Disaster readiness adviser Ryoichi Yoshida expresses his chagrin in Sendai on June 22 that despite his warning over the dangers of a concrete block wall, a pupil was killed in its collapse during a recent earthquake in Takatsuki, Osaka Prefecture. (Video taken by Higashi Nippon Broadcasting Co.)

SENDAI--Disaster readiness adviser Ryoichi Yoshida’s worst nightmare came true when he saw a news report that a concrete block wall at a school had collapsed during a powerful earthquake in western Japan, killing a 9-year-old schoolgirl.

The fallen wall at Juei Elementary School in Takatsuki, Osaka Prefecture, on June 18 was the very one Yoshida saw when visiting there almost three years ago and warned school officials of the danger. The student happened to be walking underneath it when the earthquake struck at 7:58 a.m., toppling it and crushing her.

“I advised the school staff to have the wall inspected because I was stunned to see such a high and long wall that I had never seen at other schools before,” Yoshida, 60, recalls. “Why was she there? Why did she have to take that route? Why did it collapse? I feel chagrined. We could not protect the life (of the girl), which could have been protected.”

Yoshida, who lives in Sendai’s Taihaku Ward, had visited the school in November 2015 to lecture on disaster readiness by showing photos of devastation caused by past earthquakes, such as collapsed walls and toppled vending machines.

Yoshida, who experienced an earthquake that struck off the coast of Miyagi Prefecture in June 1978, exactly 40 years ago, talked to children during the lecture.

“You will need to be aware because even familiar-looking objects can turn into dangerous weapons when a disaster occurs,” he told them.

Yoshida regrets the girl’s death saying, “I think that the girl, who was a first-grader at that time, heard my lecture and found out how scary block walls can be through seeing the photos I showed.”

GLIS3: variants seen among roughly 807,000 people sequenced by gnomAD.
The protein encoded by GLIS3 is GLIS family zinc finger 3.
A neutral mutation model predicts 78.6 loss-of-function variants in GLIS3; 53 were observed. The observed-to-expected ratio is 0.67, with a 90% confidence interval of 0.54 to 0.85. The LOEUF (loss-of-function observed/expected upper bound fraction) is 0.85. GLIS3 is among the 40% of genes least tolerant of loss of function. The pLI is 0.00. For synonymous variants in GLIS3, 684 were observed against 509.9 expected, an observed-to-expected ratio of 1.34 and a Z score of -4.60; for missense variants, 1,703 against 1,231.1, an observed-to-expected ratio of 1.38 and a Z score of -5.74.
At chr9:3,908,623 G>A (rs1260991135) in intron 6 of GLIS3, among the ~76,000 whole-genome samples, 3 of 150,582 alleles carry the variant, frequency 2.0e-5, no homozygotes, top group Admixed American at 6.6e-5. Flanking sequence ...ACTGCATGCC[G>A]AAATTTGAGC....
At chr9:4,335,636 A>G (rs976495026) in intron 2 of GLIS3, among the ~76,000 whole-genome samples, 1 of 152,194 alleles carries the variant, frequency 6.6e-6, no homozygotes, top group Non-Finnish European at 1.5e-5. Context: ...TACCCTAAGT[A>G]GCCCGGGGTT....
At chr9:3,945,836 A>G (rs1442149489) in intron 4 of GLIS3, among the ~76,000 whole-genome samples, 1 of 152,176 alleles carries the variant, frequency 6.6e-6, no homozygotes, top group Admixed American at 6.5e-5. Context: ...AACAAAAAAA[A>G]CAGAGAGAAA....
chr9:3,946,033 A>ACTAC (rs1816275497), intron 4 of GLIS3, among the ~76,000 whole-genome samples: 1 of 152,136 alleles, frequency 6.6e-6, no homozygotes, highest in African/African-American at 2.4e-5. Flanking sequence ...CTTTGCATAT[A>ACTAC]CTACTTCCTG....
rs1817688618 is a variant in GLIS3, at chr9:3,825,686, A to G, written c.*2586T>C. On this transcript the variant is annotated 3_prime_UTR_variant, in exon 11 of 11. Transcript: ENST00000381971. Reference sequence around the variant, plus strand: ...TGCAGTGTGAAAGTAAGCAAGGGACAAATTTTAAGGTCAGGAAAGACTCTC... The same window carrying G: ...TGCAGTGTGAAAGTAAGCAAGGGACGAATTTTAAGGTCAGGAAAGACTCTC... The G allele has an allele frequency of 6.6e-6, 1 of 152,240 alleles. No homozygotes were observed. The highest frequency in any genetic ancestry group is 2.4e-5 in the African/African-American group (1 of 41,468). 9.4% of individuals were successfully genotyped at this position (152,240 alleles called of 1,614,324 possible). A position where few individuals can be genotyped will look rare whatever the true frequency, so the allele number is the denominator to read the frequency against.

Based on what Yoshida saw while visiting the school, he compiled a report titled, “Security of school-commuting roads,” and sent it to Juei's vice principal via e-mail on Dec. 7, 2015.

The vice principal replied to Yoshida saying, “We would like to share (the provided information) with the local community and utilize it.”

Therefore, Yoshida thought the school staff would take corrective measures by replacing the high wall, which blocks passers-by view of the school swimming pool, with some kind of privacy screen. However, the wall remained unchanged.

After his warning, the information was relayed from the school to the Takatsuki municipal board of education, but the city government staff judged that the block wall was "no problem" after its inspection.

Yoshida criticizes the failure to protect the girl saying, “We cannot overcome disasters without sharing a sense of crisis and getting ready for more than the assumed degree of damages.

“Wasn’t there a gap between the level of seriousness of the elementary school staff and that of the municipal board of education?”